How the right consultant fixed ACT’s ambulance service

When the ACT Ambulance Service needed a plan for serious reform, its Tasmanian counterpart’s highly respected former CEO was just the man for the job.

The ACT government had a good news story last week: Australia’s best ambulance response times. How it achieved it is a story that started in 2009 and owes much to a Tasmanian.

A new consultant’s report confirmed “major improvements in the structure, governance and performance of the ACT Ambulance Service” had flowed from a funding boost of $35 million since the 2011 budget, Emergency Services Minister Simon Corbell announced. Among the achievements, according to the Productivity Commission’s Report on Government Services in January:

  • The best priority one response times at the 90th percentile of any capital city in Australia;
  • A reduction in ambulance attrition level from 10% per annum — the worst of all Australian ambulance services — to 2.6%, far below the national average rate, and;
  • Overall patient satisfaction increased from 96% to 98% and paramedic attitude has increased from 97% to 99%.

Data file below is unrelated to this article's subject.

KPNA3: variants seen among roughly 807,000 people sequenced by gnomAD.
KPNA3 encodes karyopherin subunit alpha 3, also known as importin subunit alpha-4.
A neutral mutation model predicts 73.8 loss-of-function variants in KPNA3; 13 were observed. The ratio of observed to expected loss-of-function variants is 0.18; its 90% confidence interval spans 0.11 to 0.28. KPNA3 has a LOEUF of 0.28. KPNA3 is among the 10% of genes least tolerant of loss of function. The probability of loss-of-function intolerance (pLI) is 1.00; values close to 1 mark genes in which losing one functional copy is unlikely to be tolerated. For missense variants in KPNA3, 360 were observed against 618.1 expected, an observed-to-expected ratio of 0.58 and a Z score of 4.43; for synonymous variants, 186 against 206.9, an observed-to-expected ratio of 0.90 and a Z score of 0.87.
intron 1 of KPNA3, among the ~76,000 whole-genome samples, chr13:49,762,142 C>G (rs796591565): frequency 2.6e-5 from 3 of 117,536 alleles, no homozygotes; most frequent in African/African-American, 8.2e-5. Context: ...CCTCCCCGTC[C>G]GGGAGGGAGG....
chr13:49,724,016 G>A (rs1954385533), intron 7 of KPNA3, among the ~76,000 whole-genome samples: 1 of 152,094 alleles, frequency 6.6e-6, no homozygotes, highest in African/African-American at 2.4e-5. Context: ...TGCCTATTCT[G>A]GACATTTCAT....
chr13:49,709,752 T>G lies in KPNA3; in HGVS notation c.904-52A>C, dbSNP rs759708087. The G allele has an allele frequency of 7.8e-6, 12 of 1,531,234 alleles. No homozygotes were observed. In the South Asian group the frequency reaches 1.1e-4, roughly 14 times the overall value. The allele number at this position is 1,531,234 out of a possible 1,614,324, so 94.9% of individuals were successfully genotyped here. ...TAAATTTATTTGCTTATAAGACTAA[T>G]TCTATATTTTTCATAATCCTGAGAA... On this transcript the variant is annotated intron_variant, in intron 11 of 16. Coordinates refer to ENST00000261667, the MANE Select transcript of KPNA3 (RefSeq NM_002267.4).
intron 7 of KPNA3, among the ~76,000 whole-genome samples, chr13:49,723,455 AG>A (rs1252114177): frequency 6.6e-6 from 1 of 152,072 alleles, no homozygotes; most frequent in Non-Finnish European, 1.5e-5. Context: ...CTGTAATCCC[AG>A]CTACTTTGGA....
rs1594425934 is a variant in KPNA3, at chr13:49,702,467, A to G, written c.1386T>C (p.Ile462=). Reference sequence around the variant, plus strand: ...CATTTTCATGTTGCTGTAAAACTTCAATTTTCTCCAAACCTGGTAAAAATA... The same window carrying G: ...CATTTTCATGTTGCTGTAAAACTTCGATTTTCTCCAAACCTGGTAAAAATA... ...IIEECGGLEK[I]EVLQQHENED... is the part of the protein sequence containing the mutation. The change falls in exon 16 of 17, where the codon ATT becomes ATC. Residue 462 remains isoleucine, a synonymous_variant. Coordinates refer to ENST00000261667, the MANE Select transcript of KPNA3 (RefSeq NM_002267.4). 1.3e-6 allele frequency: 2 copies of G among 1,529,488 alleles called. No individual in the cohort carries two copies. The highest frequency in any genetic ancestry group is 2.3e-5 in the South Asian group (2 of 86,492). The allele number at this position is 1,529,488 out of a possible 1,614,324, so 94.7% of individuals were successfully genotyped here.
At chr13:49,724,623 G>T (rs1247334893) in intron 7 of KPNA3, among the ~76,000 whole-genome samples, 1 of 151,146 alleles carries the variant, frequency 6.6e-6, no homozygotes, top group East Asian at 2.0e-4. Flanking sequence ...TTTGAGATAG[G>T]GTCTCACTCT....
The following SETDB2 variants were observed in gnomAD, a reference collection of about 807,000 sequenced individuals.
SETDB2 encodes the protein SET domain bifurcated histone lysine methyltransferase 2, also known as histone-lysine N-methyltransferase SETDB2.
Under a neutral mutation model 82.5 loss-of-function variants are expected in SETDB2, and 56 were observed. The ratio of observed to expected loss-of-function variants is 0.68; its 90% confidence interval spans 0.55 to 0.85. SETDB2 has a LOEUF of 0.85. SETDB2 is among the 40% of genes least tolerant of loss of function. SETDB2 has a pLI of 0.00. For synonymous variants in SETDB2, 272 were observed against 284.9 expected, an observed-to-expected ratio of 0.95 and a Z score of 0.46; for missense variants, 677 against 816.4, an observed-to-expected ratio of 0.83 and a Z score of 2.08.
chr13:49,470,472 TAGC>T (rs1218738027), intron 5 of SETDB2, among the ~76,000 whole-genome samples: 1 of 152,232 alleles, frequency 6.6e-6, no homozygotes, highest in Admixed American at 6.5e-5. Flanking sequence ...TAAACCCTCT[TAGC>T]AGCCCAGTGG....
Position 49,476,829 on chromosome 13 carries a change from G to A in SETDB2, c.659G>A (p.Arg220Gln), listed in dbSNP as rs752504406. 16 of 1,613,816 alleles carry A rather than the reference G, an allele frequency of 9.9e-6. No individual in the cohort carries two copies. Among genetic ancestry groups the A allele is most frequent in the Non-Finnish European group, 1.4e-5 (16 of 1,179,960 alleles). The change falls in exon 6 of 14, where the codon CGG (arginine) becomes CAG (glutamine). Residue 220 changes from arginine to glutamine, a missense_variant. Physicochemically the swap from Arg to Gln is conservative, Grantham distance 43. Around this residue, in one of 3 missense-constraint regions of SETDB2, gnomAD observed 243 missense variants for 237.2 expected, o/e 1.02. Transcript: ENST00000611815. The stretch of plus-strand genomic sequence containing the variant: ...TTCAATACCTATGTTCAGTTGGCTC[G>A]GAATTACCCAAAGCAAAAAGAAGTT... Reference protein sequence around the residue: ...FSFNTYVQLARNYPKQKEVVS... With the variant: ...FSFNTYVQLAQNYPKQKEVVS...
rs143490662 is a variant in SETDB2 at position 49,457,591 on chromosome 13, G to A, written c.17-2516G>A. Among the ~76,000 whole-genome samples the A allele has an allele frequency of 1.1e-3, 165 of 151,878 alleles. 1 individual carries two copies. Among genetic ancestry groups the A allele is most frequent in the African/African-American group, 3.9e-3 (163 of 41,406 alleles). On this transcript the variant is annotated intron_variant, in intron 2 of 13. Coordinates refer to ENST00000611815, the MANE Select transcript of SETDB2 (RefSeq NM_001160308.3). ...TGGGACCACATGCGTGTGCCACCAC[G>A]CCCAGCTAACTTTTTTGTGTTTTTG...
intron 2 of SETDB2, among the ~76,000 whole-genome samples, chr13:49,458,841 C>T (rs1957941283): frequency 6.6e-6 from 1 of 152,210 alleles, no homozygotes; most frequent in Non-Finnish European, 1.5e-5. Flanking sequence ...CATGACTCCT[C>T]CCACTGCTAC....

Back in 2009, the territory’s auditor-general found “significant scope” for improvement, particularly in response times, clinical governance and non-emergency transport. In addition, “ambulance data was not appropriately collected and analysed”, making it difficult for ACTAS to know how to improve or explain its needs to government.

Grant Lennox retired after 15 years as CEO of the Tasmanian Ambulance Service two months before the frank ACT audit. The government brought him on as a consultant, he began a thorough review and delivered sweeping recommendations by April. His report assured the service was “a long way” from crisis, but identified a number of challenges.

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